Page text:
One of the most toxic patterns I see in patients is that of learned helplessness. Learned helplessness occurs when people (or animals - it was originally described in dogs) "learn" that there is nothing they can do receive help or relief from their afflictions. They "learn" "helplessness." They learn that no matter what they do, no one will help them, no one cares, and there is nothing they can do themselves to remedy their situation.
If you feel helpless when it comes to how you get your medical care, then you should sign up for my next webinar, “How to Get Your Healthcare in 2023.” Register here. I’ll be covering the biggest barriers to good care and mistakes that people make because of them. You won’t want to miss it, so make sure to register today!
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I've experienced this myself as the target of narcissistic abuse within the healthcare system. I didn't realize it at the time, but the fact that my cries for help were met with calloused disregard took a terrible toll on my psyche. Most healthcare practitioners, whether they realize it or not, are struggling with this. They complain that they are under-staffed, over-worked, and emotionally exhausted. They complain that their patients aren't getting the care that they need.
This is why I made two webinars on narcissistic personality disorder.
I wouldn't be writing about this if it weren't for the fact that I see this in patients like you, dear reader, all the time. And for the record, I'm very grateful that you subscribe to this blog, that you make purchases through my affiliate links, and that you buy premium subscriptions to this blog, because you allow me to not only remain independent of the medical-industrial complex, but to rescue practitioners from it through employment at my practice. When I posted a health coaching position last month, we had over 100 applicants. The number of doctors, nurses, and nurse practitioners who applied was staggering. People are desperate to flee the system and are happy to work for less money, just so they can fulfill their true purpose as the healers they want to be.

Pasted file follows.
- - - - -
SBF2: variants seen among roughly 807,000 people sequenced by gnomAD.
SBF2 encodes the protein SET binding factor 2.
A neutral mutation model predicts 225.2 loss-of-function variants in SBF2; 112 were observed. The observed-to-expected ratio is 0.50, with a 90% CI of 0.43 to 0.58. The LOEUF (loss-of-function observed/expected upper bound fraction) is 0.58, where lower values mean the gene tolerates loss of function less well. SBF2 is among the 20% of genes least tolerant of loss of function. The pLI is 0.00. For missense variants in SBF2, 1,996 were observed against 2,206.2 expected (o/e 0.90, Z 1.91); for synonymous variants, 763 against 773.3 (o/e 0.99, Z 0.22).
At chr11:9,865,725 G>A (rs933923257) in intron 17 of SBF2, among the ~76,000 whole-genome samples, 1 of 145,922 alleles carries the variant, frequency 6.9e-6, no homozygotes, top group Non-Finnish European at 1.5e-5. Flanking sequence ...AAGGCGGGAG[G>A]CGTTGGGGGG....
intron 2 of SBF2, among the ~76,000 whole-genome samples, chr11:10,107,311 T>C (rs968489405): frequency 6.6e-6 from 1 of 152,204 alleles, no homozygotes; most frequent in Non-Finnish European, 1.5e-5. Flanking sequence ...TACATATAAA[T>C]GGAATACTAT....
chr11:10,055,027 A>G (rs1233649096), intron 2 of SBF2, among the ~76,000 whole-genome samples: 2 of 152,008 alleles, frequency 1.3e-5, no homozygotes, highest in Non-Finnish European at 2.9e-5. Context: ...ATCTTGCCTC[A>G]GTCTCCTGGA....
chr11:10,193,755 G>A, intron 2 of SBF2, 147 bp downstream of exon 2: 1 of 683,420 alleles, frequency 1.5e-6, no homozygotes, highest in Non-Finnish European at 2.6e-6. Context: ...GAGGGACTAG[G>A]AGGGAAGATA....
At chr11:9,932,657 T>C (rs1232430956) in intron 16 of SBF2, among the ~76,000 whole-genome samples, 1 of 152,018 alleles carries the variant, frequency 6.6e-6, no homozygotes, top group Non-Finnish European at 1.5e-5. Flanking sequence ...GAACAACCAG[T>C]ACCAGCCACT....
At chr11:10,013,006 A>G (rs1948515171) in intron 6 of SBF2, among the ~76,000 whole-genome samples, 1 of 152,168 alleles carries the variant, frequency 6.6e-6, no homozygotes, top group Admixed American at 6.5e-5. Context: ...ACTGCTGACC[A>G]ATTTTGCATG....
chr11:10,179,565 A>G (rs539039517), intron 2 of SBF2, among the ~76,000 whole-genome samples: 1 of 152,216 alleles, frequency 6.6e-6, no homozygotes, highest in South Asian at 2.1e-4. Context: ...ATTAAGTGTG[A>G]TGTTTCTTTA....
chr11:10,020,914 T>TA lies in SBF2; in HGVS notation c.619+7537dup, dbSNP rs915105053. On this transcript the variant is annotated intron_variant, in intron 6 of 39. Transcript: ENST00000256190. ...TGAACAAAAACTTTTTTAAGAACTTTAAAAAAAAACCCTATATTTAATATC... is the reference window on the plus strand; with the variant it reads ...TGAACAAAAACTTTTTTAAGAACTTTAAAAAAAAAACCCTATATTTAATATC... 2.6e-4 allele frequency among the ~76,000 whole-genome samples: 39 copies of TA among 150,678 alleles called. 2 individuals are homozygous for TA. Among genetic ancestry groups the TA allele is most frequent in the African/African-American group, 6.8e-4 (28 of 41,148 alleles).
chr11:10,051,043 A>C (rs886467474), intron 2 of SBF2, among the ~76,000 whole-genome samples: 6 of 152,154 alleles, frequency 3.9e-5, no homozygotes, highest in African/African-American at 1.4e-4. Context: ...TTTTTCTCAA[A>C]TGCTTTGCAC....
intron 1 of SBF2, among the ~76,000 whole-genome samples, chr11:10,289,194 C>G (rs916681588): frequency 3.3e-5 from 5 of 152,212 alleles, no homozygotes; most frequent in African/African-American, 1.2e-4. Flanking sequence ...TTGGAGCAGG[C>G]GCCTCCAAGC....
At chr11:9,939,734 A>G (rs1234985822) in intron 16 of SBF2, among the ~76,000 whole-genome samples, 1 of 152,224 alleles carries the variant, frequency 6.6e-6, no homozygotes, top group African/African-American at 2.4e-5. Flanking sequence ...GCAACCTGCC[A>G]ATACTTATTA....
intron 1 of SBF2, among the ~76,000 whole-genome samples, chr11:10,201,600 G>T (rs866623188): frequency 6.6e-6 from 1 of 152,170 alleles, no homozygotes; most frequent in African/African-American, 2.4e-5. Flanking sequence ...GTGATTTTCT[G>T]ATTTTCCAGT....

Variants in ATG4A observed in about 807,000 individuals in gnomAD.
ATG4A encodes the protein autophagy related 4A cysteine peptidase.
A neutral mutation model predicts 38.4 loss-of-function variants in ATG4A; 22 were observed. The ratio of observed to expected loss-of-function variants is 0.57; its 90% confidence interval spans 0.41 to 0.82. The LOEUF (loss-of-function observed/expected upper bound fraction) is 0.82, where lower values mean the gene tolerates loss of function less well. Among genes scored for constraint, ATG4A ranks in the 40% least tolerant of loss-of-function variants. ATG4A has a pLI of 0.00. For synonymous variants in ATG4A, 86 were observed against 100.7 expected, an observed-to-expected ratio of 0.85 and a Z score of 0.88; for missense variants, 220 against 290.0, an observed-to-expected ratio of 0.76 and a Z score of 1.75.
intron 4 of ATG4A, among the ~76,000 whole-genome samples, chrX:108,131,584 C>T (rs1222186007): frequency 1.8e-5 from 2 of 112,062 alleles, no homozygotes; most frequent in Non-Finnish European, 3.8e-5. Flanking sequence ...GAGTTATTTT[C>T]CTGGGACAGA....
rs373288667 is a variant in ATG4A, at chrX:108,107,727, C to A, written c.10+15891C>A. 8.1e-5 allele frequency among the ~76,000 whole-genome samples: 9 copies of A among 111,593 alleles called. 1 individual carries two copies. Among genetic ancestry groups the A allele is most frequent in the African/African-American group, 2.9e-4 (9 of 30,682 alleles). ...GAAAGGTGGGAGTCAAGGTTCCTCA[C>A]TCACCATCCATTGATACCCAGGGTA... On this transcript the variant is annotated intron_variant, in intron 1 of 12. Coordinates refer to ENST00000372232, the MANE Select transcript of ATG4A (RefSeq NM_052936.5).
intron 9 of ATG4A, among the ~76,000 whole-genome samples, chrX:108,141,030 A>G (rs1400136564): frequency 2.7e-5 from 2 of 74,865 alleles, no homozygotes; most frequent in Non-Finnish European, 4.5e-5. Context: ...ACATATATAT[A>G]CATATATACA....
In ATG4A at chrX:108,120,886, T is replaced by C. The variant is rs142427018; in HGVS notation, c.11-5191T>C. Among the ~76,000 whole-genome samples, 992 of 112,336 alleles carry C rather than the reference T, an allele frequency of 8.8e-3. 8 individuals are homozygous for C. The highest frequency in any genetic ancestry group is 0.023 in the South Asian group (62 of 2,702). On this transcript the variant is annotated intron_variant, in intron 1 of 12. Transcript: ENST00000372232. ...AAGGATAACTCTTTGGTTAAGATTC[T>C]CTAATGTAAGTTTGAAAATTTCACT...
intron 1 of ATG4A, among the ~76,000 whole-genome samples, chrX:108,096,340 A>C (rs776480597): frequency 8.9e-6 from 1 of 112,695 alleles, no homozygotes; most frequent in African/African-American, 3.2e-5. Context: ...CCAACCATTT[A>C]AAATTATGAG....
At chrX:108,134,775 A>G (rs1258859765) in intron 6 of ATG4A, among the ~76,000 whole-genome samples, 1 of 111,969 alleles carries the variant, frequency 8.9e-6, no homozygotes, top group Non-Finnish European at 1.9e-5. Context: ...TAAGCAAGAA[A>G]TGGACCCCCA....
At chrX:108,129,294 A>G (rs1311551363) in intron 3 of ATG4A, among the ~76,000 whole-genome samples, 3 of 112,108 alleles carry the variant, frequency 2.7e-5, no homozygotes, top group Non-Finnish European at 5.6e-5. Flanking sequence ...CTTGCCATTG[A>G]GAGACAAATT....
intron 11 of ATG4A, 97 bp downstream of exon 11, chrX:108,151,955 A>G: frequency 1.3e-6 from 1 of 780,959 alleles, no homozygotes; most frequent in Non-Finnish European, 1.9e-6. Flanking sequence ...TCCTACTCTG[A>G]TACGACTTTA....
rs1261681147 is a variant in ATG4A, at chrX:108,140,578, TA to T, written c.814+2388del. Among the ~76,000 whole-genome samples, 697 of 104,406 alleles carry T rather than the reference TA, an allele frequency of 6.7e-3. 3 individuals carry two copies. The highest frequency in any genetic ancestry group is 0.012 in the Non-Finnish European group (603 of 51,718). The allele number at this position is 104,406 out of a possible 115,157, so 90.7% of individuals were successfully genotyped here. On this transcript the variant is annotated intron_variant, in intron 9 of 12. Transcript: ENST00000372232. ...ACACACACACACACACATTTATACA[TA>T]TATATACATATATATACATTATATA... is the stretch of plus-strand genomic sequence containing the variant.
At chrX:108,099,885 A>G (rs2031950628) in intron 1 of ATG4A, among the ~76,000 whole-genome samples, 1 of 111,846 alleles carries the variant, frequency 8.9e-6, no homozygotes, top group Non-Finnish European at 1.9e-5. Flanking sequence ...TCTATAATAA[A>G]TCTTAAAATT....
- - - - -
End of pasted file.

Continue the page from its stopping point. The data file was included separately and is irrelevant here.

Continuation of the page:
We now have practitioners at my practice who are accepting patients. I'll be holding a webinar next month to explain our new services, which are very different from those I've offered previously. Again, the webinar is "How to Get Your Healthcare in 2023." I'll be sharing insider-only information that could save you tens or even hundreds of thousands of dollars on medical bills in the coming years. Register today!
Many modern people are struggling with learned helplessness. Here is what you need to know about it, so that you can protect yourself from the dangers that come with it.
Humans are meant to live within communities. The strength of our communities is actually our primary objective of our minds. That's why we have phenomena like martyrdom. No other animal in the world engages in martyrdom. And every martyr has one thing in common - they're doing it so that their people might be stronger, happier, and healthier. That's it. That's the only reason for a martyr to do what they do.